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A-574
2001
Fick Partial Rebreathing CO2 Cardiac Output: Is There Clinical Agreement with Intraoperative Transesophageal Echocardiography?
Wilfred R. Lewis, M.D.; Pamela Gray, M.D.; Albert C. Perrino, M.D.
Anesthesiology, VA Connecticut Health Care System & Yale University School of Medicine, West Haven, Connecticut, United States
Introduction: By using partial rebreathing of carbon dioxide, the NICO monitor (Novametrix Medical Systems, Wallingford, CT) provides a fast, simple and non-invasive method of Fick cardiac output (CO) determination. Version 4.0 of this device uses a rebreathing period of 50 seconds and from measurements of changes in both CO2 elimination and end-tidal CO2, provides CO updates every 3 minutes. Non-invasive measurements of CO using a partial CO2 rebreathing technique is particularly promising for intraoperative application. To assess the intraoperative performance of the NICO, we designed a clinical evaluation study to compare CO measurements obtained by NICO to those obtained by transesophageal echocardiography(TEE).

Methods: After IRB approval and written informed consent, matched sets of CO measurements from the NICO and TEE (SONOS 5500, Hewlett Packard, Andover, MA) were collected in intubated, mechanically ventilated surgical patients. Matched sets of CO measurements from the two techniques were collected at specific time periods per protocol. Preselected periods included post-incision, aortic cross-clamp, reaming, inotropic infusion, etc. Fick CO determination was performed with the NICO "FAST" mode which avoids algorhythmic averaging of COs from sequential rebreathing cycles. TEE CO was determined using multiplane continuous wave Doppler measurements of ascending aortic flow (transgastric longitudinal view) and planimetry of 2-D aortic valve area (midesophageal shortaxis view). Doppler spectral data was recorded on SVHS tape and analyzed off-line by experienced echocardiographers who were blinded to the NICO data. TEE determinations were compared to the NICO CO using Bland-Altman analysis. Statistical comparison of means was performed using Student's T-test with a p<0.05 considered significant.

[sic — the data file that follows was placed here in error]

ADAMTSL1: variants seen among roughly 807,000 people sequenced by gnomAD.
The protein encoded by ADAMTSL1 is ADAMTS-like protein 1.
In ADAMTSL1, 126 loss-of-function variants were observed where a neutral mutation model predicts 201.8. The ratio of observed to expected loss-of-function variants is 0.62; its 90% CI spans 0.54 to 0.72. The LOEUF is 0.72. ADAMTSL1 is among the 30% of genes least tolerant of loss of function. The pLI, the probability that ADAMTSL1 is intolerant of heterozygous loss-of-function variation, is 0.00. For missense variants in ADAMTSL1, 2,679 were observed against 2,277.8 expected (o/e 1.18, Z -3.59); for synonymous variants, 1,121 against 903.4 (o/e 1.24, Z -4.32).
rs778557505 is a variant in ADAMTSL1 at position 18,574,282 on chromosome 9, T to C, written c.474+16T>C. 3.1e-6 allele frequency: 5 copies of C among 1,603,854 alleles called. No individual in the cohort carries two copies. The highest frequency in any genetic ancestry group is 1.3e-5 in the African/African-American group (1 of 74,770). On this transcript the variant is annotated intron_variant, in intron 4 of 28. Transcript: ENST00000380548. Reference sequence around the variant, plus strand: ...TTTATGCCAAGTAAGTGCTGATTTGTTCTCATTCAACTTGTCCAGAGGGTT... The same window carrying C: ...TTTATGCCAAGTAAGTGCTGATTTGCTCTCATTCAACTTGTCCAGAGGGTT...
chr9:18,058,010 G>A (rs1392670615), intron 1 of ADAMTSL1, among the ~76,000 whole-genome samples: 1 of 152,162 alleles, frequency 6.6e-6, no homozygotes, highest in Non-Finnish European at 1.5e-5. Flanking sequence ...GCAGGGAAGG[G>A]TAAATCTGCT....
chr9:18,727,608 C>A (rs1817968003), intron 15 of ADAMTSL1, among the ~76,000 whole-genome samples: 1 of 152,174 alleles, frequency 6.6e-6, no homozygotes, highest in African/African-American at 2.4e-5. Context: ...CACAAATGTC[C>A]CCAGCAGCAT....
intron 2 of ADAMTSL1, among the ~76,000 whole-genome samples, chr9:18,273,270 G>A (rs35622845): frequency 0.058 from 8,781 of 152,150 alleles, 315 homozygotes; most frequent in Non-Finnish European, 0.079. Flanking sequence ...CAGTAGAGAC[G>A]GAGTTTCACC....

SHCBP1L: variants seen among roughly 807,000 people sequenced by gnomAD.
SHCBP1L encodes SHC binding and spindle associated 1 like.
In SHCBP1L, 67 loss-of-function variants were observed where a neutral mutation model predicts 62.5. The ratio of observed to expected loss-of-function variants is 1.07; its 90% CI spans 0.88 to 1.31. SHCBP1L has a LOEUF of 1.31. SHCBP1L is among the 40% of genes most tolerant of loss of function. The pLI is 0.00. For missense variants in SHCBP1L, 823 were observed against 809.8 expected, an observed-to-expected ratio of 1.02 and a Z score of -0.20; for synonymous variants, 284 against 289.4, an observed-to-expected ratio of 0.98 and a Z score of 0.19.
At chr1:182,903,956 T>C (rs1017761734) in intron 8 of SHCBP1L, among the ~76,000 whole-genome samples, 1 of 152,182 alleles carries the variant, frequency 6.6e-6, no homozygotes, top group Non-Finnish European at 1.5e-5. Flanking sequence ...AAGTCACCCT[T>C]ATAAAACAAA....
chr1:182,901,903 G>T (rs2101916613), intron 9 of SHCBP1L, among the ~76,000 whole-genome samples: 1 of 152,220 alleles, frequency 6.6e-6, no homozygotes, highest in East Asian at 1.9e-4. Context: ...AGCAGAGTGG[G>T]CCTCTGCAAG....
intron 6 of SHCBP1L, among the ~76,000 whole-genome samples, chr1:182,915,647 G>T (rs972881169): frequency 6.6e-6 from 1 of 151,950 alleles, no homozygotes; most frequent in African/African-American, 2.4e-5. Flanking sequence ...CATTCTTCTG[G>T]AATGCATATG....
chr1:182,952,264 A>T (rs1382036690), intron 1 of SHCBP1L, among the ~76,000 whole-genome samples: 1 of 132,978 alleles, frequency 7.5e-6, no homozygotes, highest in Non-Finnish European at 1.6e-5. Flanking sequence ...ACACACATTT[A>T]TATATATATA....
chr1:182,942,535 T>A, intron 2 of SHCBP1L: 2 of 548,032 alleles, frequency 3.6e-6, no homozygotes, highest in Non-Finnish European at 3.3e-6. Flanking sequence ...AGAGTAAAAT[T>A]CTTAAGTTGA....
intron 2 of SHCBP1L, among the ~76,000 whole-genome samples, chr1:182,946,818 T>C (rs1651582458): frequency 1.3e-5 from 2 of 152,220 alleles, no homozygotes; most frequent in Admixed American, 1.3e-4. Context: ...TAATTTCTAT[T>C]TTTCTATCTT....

Results: A total of 113 matched CO measurements were obtained from 17 of the 21 enrolled patients. Data analysis was not performed on 2 patients due to alterations in ventilation, in 1 patient due to sub-optimal TEE imaging and in 1 patient due to corrupted CO2 signal. TEE cardiac outputs ranged from 2.8 to 10.5 (mean=5.6) L/m and NICO cardiac outputs ranged from 3.4 to 9.6 (mean=6.0) L/m. There was no statistical difference between the mean CO of the two techniques. Bland-Altman analysis resulted in a mean difference of 0.39 L/m (p=ns) and a standard deviation of the differences of 1.01 L/m (Figure).Discussion: These data show the NICO device produces little systematic error in CO determinations. The standard deviation of the differences of 1.0 L/m demonstrates that the two techniques are not always in agreement. However, clinical CO techniques have inherent variability with a 15% variation currently regarded as clinically acceptable.(Ref 1) Therefore, we conclude that the degree of agreement between NICO and TEE demonstrated in this study is within clinically acceptable limits.

Reference:

1. Critchley LAH, Critchley JAJH. A meta-analysis of bias and precision statistics to compare cardiac output measurement techniques. J of Clin Monit 1999; 15:85-91.

Anesthesiology 2001; 95:A574
Figure 1